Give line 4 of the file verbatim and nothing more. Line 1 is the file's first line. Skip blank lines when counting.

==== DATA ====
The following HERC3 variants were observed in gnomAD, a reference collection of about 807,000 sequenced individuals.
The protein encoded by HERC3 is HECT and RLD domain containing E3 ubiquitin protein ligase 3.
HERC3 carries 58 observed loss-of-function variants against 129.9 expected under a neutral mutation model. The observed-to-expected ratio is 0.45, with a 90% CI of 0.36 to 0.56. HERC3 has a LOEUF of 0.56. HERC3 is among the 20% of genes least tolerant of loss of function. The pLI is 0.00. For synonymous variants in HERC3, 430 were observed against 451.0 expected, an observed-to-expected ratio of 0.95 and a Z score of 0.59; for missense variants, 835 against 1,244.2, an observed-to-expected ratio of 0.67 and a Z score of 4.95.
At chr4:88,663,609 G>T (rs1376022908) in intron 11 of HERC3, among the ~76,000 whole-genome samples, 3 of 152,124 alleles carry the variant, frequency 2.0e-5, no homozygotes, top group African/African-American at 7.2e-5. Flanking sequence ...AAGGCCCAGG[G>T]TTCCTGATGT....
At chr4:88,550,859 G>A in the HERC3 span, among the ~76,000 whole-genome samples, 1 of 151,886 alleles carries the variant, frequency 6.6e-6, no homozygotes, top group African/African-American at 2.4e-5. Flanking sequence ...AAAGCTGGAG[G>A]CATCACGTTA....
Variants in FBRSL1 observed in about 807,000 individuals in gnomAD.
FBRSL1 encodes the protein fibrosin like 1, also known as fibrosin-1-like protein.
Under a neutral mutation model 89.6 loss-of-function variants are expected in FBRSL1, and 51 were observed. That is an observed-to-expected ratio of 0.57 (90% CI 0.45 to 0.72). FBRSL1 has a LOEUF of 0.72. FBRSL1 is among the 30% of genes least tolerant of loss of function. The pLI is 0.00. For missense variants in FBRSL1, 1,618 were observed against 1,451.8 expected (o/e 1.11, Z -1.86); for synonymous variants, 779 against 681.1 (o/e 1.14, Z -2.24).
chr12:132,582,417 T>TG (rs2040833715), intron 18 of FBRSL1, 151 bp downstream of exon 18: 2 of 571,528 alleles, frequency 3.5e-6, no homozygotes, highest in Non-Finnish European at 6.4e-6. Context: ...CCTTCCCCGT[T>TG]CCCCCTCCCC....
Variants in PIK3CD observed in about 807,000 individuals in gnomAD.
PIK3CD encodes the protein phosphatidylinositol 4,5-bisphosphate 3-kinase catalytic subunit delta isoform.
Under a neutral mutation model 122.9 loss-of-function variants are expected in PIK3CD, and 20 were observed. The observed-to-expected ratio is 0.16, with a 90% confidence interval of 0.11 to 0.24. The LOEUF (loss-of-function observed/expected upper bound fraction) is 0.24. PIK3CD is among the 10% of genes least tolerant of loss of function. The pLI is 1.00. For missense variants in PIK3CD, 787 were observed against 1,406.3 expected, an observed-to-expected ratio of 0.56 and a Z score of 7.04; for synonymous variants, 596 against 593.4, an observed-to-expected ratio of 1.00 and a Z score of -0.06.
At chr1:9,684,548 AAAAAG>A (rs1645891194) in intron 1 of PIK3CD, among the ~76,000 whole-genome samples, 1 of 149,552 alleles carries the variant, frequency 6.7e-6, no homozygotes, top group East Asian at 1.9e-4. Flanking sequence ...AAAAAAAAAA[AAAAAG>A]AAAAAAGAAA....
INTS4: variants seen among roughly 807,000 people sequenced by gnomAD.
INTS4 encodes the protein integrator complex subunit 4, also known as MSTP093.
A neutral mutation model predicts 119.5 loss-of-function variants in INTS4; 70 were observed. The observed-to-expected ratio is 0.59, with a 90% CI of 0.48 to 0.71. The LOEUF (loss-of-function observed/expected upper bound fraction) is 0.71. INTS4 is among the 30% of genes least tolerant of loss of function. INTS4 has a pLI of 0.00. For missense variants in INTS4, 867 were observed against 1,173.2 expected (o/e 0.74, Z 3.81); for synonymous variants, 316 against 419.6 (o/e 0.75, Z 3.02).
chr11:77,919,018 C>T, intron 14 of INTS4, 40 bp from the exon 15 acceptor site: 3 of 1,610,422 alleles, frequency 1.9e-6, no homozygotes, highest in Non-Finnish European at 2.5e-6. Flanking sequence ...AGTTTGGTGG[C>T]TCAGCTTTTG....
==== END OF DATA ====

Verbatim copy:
At chr4:88,663,609 G>T (rs1376022908) in intron 11 of HERC3, among the ~76,000 whole-genome samples, 3 of 152,124 alleles carry the variant, frequency 2.0e-5, no homozygotes, top group African/African-American at 7.2e-5. Flanking sequence ...AAGGCCCAGG[G>T]TTCCTGATGT....